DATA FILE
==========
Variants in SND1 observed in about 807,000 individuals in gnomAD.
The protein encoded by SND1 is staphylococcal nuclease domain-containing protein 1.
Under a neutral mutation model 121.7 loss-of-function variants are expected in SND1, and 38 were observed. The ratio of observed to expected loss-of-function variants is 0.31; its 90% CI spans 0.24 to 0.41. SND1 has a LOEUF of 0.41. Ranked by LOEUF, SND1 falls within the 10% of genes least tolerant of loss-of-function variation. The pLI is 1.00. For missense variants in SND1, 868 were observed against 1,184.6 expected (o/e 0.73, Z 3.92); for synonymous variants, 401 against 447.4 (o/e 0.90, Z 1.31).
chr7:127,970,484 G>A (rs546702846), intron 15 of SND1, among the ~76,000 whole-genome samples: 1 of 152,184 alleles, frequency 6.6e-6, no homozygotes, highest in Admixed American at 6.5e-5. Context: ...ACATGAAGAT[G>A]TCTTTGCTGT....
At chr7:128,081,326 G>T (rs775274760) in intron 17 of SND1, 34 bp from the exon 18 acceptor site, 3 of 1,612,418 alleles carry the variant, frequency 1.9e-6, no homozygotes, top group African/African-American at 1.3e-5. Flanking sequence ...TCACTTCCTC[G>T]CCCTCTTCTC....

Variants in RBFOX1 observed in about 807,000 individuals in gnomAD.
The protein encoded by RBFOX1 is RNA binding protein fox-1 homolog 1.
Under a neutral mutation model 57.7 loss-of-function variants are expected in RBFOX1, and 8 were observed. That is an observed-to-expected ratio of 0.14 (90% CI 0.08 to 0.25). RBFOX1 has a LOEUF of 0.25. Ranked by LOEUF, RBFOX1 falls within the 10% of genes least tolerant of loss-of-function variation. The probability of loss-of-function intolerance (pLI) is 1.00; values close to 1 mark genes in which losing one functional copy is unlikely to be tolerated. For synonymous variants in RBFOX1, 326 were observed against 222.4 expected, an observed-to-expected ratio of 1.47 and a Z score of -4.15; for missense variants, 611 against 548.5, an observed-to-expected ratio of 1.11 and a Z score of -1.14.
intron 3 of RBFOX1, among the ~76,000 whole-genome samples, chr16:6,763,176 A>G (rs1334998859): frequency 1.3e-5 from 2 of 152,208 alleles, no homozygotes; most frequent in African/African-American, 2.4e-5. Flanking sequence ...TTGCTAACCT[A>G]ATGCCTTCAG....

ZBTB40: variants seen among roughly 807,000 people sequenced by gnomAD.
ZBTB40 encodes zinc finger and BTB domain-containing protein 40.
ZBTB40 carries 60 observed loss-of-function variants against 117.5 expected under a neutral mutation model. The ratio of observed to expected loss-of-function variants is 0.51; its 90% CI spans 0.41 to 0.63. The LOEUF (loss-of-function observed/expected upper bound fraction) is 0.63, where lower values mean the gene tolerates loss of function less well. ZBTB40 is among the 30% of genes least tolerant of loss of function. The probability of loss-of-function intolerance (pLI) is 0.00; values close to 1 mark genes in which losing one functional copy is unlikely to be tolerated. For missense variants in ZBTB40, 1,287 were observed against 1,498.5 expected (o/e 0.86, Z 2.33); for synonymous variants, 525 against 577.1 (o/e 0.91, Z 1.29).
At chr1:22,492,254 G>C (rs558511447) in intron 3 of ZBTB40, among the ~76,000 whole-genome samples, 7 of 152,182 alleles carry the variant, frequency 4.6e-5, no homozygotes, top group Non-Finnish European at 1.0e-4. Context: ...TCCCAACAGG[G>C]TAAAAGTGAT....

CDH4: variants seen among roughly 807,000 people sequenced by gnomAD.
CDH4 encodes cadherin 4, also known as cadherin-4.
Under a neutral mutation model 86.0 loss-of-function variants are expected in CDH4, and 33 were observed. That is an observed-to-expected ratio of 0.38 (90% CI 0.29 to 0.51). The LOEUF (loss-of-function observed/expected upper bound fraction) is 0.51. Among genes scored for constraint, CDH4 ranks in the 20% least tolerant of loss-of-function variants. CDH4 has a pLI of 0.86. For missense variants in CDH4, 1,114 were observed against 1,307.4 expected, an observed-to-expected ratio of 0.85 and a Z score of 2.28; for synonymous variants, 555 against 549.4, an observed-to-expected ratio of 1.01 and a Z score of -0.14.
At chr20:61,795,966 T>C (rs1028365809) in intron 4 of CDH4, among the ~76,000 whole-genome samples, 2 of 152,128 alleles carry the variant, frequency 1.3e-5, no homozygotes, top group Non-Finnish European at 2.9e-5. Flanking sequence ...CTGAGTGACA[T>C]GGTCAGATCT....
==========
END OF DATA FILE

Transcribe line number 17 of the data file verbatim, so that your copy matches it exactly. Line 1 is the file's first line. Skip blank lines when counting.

At chr20:61,795,966 T>C (rs1028365809) in intron 4 of CDH4, among the ~76,000 whole-genome samples, 2 of 152,128 alleles carry the variant, frequency 1.3e-5, no homozygotes, top group Non-Finnish European at 2.9e-5. Flanking sequence ...CTGAGTGACA[T>C]GGTCAGATCT....